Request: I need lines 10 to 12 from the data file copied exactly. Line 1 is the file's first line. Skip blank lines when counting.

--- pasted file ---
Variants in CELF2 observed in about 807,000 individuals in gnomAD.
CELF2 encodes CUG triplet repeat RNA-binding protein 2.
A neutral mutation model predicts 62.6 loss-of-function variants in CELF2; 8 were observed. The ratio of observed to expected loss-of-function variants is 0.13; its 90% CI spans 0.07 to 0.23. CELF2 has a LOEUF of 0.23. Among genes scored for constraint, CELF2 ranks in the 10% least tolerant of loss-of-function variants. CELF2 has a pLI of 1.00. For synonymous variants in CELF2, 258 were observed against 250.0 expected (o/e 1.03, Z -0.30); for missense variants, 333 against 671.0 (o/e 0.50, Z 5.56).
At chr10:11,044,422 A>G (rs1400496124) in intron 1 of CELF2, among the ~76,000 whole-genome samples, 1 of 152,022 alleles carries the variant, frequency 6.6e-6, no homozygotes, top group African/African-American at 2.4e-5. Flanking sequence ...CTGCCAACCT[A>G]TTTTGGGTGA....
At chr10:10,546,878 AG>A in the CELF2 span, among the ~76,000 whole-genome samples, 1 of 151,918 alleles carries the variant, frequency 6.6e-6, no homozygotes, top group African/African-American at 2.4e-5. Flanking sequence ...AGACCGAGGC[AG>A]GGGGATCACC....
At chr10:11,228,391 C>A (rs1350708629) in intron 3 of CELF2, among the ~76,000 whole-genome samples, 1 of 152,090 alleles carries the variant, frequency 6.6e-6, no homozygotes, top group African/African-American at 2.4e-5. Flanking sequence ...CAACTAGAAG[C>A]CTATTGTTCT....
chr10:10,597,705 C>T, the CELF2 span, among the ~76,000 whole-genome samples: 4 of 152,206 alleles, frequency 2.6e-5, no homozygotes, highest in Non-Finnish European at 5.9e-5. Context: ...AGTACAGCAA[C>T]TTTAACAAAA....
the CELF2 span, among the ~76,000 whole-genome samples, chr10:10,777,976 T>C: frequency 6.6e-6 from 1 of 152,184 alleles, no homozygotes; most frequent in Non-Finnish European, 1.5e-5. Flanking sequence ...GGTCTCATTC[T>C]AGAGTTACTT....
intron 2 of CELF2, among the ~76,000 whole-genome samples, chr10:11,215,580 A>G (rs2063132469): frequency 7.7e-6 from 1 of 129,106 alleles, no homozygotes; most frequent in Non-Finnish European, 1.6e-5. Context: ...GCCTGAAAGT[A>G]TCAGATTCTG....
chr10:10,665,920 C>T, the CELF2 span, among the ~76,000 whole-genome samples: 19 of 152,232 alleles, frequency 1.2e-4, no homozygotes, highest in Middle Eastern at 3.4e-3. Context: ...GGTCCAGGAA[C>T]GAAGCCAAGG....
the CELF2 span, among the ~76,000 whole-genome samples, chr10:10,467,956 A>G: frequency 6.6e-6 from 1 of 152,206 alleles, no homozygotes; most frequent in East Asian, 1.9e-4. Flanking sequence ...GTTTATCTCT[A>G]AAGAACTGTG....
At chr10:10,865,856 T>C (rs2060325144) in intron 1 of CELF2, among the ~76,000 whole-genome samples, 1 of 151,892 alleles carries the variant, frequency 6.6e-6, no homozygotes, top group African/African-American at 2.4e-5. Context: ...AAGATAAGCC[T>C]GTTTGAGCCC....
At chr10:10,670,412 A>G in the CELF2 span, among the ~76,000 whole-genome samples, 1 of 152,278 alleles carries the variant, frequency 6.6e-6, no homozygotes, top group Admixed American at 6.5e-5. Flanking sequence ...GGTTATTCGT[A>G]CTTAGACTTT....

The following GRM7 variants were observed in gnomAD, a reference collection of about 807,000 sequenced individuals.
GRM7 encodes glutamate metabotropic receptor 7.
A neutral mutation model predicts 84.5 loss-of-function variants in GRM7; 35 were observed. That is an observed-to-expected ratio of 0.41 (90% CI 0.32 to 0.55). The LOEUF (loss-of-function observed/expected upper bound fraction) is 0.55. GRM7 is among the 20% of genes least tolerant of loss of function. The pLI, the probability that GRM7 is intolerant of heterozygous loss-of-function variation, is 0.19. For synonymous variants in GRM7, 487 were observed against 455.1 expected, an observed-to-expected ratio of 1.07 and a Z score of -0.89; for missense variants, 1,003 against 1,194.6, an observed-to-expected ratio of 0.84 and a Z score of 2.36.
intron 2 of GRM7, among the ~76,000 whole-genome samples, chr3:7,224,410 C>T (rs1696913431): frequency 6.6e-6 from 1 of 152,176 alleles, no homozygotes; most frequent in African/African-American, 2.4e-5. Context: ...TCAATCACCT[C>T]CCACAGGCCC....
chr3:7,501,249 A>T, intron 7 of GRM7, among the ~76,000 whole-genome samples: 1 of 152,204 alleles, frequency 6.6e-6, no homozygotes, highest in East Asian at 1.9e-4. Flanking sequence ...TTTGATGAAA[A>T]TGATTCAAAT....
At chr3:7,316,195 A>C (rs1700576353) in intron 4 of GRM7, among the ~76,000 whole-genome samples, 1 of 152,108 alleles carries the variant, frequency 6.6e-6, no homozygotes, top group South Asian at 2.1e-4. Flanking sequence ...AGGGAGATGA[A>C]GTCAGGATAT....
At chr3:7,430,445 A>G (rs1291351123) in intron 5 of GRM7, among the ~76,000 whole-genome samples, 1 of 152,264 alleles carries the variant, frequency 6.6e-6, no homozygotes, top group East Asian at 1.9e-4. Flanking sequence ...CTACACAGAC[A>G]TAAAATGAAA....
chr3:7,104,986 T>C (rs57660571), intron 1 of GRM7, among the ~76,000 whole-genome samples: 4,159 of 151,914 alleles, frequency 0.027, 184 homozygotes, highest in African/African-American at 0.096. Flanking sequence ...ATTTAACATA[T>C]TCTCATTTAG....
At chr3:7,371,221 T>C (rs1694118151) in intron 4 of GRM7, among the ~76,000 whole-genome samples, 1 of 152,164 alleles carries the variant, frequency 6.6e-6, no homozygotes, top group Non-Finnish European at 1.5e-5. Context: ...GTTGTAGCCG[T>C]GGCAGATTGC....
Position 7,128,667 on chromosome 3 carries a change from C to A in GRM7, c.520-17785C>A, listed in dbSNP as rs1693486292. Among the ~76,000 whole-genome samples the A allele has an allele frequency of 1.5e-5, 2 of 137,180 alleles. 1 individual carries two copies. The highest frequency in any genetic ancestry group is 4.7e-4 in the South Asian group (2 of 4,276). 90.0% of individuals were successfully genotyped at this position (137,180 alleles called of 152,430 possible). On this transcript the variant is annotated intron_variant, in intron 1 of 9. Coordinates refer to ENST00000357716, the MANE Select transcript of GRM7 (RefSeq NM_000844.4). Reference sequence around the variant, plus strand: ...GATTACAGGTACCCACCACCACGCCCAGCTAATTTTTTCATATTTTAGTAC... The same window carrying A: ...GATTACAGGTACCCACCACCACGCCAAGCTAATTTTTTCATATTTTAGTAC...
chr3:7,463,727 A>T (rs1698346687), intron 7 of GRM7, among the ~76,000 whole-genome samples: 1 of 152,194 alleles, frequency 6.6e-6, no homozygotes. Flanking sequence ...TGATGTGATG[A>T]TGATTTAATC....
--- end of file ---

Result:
chr10:10,665,920 C>T, the CELF2 span, among the ~76,000 whole-genome samples: 19 of 152,232 alleles, frequency 1.2e-4, no homozygotes, highest in Middle Eastern at 3.4e-3. Context: ...GGTCCAGGAA[C>T]GAAGCCAAGG....
the CELF2 span, among the ~76,000 whole-genome samples, chr10:10,467,956 A>G: frequency 6.6e-6 from 1 of 152,206 alleles, no homozygotes; most frequent in East Asian, 1.9e-4. Flanking sequence ...GTTTATCTCT[A>G]AAGAACTGTG....
At chr10:10,865,856 T>C (rs2060325144) in intron 1 of CELF2, among the ~76,000 whole-genome samples, 1 of 151,892 alleles carries the variant, frequency 6.6e-6, no homozygotes, top group African/African-American at 2.4e-5. Context: ...AAGATAAGCC[T>C]GTTTGAGCCC....